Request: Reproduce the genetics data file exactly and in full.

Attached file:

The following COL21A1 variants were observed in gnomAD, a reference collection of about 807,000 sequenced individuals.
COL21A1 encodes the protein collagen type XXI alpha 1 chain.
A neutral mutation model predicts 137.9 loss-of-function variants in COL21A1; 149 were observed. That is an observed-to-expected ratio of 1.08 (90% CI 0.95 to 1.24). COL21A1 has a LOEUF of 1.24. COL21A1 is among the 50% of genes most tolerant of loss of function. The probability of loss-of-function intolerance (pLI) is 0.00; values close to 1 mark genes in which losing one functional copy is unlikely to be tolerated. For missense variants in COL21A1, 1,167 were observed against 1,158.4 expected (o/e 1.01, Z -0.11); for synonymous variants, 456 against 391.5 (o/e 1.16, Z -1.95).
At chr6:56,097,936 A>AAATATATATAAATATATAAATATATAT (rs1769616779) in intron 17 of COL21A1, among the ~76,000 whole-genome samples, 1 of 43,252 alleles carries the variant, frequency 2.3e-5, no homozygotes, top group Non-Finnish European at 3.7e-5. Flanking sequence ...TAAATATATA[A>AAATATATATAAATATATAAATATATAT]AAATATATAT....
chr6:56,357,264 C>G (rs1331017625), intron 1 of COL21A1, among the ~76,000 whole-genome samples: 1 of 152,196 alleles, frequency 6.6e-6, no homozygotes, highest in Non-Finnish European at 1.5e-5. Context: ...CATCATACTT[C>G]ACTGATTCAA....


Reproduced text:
The following COL21A1 variants were observed in gnomAD, a reference collection of about 807,000 sequenced individuals.
COL21A1 encodes the protein collagen type XXI alpha 1 chain.
A neutral mutation model predicts 137.9 loss-of-function variants in COL21A1; 149 were observed. That is an observed-to-expected ratio of 1.08 (90% CI 0.95 to 1.24). COL21A1 has a LOEUF of 1.24. COL21A1 is among the 50% of genes most tolerant of loss of function. The probability of loss-of-function intolerance (pLI) is 0.00; values close to 1 mark genes in which losing one functional copy is unlikely to be tolerated. For missense variants in COL21A1, 1,167 were observed against 1,158.4 expected (o/e 1.01, Z -0.11); for synonymous variants, 456 against 391.5 (o/e 1.16, Z -1.95).
At chr6:56,097,936 A>AAATATATATAAATATATAAATATATAT (rs1769616779) in intron 17 of COL21A1, among the ~76,000 whole-genome samples, 1 of 43,252 alleles carries the variant, frequency 2.3e-5, no homozygotes, top group Non-Finnish European at 3.7e-5. Flanking sequence ...TAAATATATA[A>AAATATATATAAATATATAAATATATAT]AAATATATAT....
chr6:56,357,264 C>G (rs1331017625), intron 1 of COL21A1, among the ~76,000 whole-genome samples: 1 of 152,196 alleles, frequency 6.6e-6, no homozygotes, highest in Non-Finnish European at 1.5e-5. Context: ...CATCATACTT[C>G]ACTGATTCAA....